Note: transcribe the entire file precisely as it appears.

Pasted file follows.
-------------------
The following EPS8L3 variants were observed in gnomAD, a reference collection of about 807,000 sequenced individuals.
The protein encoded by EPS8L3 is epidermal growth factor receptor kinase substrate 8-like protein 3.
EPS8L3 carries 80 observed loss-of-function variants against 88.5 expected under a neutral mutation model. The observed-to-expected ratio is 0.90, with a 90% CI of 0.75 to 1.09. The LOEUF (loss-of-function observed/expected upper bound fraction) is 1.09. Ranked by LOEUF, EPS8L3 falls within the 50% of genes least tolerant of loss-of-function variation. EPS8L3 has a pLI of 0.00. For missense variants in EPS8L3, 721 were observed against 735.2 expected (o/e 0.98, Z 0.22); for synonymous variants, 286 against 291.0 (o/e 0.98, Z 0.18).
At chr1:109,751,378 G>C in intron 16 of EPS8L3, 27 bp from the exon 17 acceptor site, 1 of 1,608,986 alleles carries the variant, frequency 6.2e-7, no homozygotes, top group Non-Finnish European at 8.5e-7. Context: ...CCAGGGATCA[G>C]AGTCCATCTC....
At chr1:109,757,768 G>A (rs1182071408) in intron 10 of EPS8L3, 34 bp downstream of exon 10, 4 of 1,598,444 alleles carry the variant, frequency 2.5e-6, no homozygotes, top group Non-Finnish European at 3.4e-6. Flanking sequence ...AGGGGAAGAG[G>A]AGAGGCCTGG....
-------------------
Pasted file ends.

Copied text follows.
The following EPS8L3 variants were observed in gnomAD, a reference collection of about 807,000 sequenced individuals.
The protein encoded by EPS8L3 is epidermal growth factor receptor kinase substrate 8-like protein 3.
EPS8L3 carries 80 observed loss-of-function variants against 88.5 expected under a neutral mutation model. The observed-to-expected ratio is 0.90, with a 90% CI of 0.75 to 1.09. The LOEUF (loss-of-function observed/expected upper bound fraction) is 1.09. Ranked by LOEUF, EPS8L3 falls within the 50% of genes least tolerant of loss-of-function variation. EPS8L3 has a pLI of 0.00. For missense variants in EPS8L3, 721 were observed against 735.2 expected (o/e 0.98, Z 0.22); for synonymous variants, 286 against 291.0 (o/e 0.98, Z 0.18).
At chr1:109,751,378 G>C in intron 16 of EPS8L3, 27 bp from the exon 17 acceptor site, 1 of 1,608,986 alleles carries the variant, frequency 6.2e-7, no homozygotes, top group Non-Finnish European at 8.5e-7. Context: ...CCAGGGATCA[G>C]AGTCCATCTC....
At chr1:109,757,768 G>A (rs1182071408) in intron 10 of EPS8L3, 34 bp downstream of exon 10, 4 of 1,598,444 alleles carry the variant, frequency 2.5e-6, no homozygotes, top group Non-Finnish European at 3.4e-6. Flanking sequence ...AGGGGAAGAG[G>A]AGAGGCCTGG....